Our guide to visiting Westminster Abbey

Since its construction in the 11th century Westminster Abbey has played a pivotal role in the history and heritage of London and Britain as a whole, home to the crowning of our greatest monarchs and more recently the 2011 wedding of Prince William and Kate Middleton.

Westminster Abbey has seen the crowning of the British Monarchy throughout the centuries since the invasion of William the Conqueror in 1066 right through to our current Queen Elizabeth II who celebrated her Diamond Jubilee (60 years on the throne) in 2012. Classed as a World Heritage Site, the Abbey is a masterpiece of French Gothic architecture boasting opulent interiors and a treasure trove of paintings, stained glass windows, pavements, textiles and other artefacts – Westminster Abbey is certainly a venue befitting of grand state ceremonies such as coronations and Royal Weddings!

Whilst the structure dates back to the 11th century and many of the interiors from the 13th century when it was developed by King Henry III, the Abbey has seen continued additions over the centuries namely in the form of tombs of monarchs and monuments dedicated to great Britons and statesman and women throughout the ages. Today the Abbey is widely considered the most significant collection of monumental sculpture anywhere in Britain.

The first monarch to be buried at Westminster was Edward the Confessor whose tomb is central within the Abbey, whilst the tombs of Queens Elizabeth I and Mary I are close by. There are also a number of memorials dedicated to those who have perished fighting for Britain over the years such as the tomb of soldier Thomas Wolfe dedicated to Canadian forces who have fought for Britain whilst the Tomb of the unknown soldier marks the sacrifice of British servicemen defending the realm. Many other significant Brits are remembered in the Abbey including Churchill, Gladstone and Franklin D Roosevelt not to mention poet and author Chaucer around which many other key cultural figures are commemorated in the area called Poets Corner.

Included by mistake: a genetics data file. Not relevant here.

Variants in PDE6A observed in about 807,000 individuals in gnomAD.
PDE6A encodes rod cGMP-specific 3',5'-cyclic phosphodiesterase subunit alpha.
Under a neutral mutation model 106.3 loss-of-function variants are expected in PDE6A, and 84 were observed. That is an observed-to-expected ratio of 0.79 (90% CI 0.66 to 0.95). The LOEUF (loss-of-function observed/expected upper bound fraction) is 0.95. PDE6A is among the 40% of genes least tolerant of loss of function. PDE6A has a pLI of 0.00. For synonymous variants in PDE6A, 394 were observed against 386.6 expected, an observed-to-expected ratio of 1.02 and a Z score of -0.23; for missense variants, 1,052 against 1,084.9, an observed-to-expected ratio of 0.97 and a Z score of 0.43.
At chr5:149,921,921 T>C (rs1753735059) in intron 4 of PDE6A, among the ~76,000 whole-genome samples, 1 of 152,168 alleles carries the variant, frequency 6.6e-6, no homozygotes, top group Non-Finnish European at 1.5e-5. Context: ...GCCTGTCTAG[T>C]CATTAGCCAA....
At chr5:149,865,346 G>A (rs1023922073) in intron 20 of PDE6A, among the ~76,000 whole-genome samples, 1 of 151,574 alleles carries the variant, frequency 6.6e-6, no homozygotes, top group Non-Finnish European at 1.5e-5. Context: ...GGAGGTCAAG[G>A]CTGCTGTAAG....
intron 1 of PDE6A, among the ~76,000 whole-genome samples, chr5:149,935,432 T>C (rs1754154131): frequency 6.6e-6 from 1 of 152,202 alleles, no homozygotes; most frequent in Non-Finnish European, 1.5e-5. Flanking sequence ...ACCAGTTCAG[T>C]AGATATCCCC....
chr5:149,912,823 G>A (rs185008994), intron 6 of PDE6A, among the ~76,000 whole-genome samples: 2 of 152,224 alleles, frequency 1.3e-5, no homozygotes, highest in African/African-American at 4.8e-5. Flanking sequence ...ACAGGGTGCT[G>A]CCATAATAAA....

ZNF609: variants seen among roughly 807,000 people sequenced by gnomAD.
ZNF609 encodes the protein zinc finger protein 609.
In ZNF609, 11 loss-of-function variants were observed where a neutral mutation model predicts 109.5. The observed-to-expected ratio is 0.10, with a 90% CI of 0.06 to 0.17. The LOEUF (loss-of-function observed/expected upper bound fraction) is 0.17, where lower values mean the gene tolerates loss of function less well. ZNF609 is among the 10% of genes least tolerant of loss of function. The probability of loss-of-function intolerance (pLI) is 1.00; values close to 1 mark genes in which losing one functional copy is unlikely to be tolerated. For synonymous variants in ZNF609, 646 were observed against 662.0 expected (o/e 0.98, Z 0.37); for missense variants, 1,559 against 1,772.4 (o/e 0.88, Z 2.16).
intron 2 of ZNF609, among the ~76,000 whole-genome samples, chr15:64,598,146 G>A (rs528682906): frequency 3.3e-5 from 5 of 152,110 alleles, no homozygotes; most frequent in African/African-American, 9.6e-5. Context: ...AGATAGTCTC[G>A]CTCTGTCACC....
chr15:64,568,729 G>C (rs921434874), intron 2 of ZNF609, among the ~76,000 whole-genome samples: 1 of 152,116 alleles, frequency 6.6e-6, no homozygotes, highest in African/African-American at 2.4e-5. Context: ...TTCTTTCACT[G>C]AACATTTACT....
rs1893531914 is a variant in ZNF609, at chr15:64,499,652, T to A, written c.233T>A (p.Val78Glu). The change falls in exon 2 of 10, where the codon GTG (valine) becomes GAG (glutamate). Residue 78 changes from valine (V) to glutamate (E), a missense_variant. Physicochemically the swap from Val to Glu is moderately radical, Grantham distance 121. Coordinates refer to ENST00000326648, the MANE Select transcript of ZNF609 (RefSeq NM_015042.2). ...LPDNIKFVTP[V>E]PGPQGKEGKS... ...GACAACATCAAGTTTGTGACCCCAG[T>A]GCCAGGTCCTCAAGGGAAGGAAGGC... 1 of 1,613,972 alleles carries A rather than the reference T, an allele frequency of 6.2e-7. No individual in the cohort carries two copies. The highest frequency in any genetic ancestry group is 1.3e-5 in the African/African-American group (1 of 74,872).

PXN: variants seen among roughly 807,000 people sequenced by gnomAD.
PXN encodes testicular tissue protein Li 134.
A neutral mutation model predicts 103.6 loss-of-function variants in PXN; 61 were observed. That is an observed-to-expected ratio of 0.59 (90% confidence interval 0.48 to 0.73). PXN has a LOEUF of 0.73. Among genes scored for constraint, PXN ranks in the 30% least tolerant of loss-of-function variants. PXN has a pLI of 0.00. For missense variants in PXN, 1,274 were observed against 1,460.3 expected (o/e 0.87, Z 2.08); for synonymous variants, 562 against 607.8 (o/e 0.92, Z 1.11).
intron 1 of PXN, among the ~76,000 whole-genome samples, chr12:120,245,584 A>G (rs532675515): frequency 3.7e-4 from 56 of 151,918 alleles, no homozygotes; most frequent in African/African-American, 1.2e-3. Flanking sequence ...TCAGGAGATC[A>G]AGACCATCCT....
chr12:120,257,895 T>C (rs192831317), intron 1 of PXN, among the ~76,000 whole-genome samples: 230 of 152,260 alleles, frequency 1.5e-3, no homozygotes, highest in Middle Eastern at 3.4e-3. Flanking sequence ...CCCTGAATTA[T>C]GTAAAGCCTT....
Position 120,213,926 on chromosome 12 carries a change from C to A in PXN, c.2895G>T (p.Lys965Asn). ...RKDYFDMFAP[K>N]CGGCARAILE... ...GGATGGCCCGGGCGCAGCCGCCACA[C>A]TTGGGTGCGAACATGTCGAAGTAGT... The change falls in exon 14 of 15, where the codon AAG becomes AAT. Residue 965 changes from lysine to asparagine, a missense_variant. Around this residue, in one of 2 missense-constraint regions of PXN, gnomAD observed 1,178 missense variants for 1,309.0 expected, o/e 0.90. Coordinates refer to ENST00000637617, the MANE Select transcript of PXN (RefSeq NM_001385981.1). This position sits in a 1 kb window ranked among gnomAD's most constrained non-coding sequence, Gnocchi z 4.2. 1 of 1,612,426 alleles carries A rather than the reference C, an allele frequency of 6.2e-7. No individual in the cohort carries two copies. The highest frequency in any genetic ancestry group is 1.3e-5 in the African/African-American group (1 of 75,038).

Some of the highlights within the Abbey include the Chapter House, home to medieval paintings of the Revelations of St John depicting eerie scenes of judgement day and the stunning coronation chair built by Edward I , which has been used in the coronation of every King and Queen of England since 1308.

With its historic and modern connections with British culture and Monarchy, a visit to London is incomplete without a visit to Westminster Abbey.

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